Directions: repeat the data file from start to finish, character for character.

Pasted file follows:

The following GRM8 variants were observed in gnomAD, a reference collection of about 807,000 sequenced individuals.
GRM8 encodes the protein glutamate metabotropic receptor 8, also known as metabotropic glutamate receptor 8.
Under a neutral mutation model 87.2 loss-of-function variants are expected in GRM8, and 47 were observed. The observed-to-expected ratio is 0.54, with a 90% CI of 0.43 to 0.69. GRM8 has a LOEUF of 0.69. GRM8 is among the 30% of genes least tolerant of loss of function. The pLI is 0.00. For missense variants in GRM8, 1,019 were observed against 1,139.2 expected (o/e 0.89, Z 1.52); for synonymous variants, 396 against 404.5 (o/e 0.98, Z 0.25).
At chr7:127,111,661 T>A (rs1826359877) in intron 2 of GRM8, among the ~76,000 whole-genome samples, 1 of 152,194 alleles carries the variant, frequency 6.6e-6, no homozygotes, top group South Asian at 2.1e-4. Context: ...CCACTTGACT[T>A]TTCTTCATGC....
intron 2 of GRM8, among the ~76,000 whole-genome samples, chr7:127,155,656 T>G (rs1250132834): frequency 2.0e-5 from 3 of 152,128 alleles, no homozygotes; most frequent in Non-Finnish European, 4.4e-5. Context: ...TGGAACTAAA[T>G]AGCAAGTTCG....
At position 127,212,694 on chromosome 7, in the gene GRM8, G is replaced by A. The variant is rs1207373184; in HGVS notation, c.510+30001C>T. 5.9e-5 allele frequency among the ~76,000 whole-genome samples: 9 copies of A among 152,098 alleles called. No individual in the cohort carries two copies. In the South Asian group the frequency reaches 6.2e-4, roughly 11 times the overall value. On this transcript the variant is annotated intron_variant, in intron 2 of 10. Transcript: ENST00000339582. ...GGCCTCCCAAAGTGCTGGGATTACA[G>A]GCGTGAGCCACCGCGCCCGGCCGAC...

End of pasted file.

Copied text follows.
The following GRM8 variants were observed in gnomAD, a reference collection of about 807,000 sequenced individuals.
GRM8 encodes the protein glutamate metabotropic receptor 8, also known as metabotropic glutamate receptor 8.
Under a neutral mutation model 87.2 loss-of-function variants are expected in GRM8, and 47 were observed. The observed-to-expected ratio is 0.54, with a 90% CI of 0.43 to 0.69. GRM8 has a LOEUF of 0.69. GRM8 is among the 30% of genes least tolerant of loss of function. The pLI is 0.00. For missense variants in GRM8, 1,019 were observed against 1,139.2 expected (o/e 0.89, Z 1.52); for synonymous variants, 396 against 404.5 (o/e 0.98, Z 0.25).
At chr7:127,111,661 T>A (rs1826359877) in intron 2 of GRM8, among the ~76,000 whole-genome samples, 1 of 152,194 alleles carries the variant, frequency 6.6e-6, no homozygotes, top group South Asian at 2.1e-4. Context: ...CCACTTGACT[T>A]TTCTTCATGC....
intron 2 of GRM8, among the ~76,000 whole-genome samples, chr7:127,155,656 T>G (rs1250132834): frequency 2.0e-5 from 3 of 152,128 alleles, no homozygotes; most frequent in Non-Finnish European, 4.4e-5. Context: ...TGGAACTAAA[T>G]AGCAAGTTCG....
At position 127,212,694 on chromosome 7, in the gene GRM8, G is replaced by A. The variant is rs1207373184; in HGVS notation, c.510+30001C>T. 5.9e-5 allele frequency among the ~76,000 whole-genome samples: 9 copies of A among 152,098 alleles called. No individual in the cohort carries two copies. In the South Asian group the frequency reaches 6.2e-4, roughly 11 times the overall value. On this transcript the variant is annotated intron_variant, in intron 2 of 10. Transcript: ENST00000339582. ...GGCCTCCCAAAGTGCTGGGATTACA[G>A]GCGTGAGCCACCGCGCCCGGCCGAC...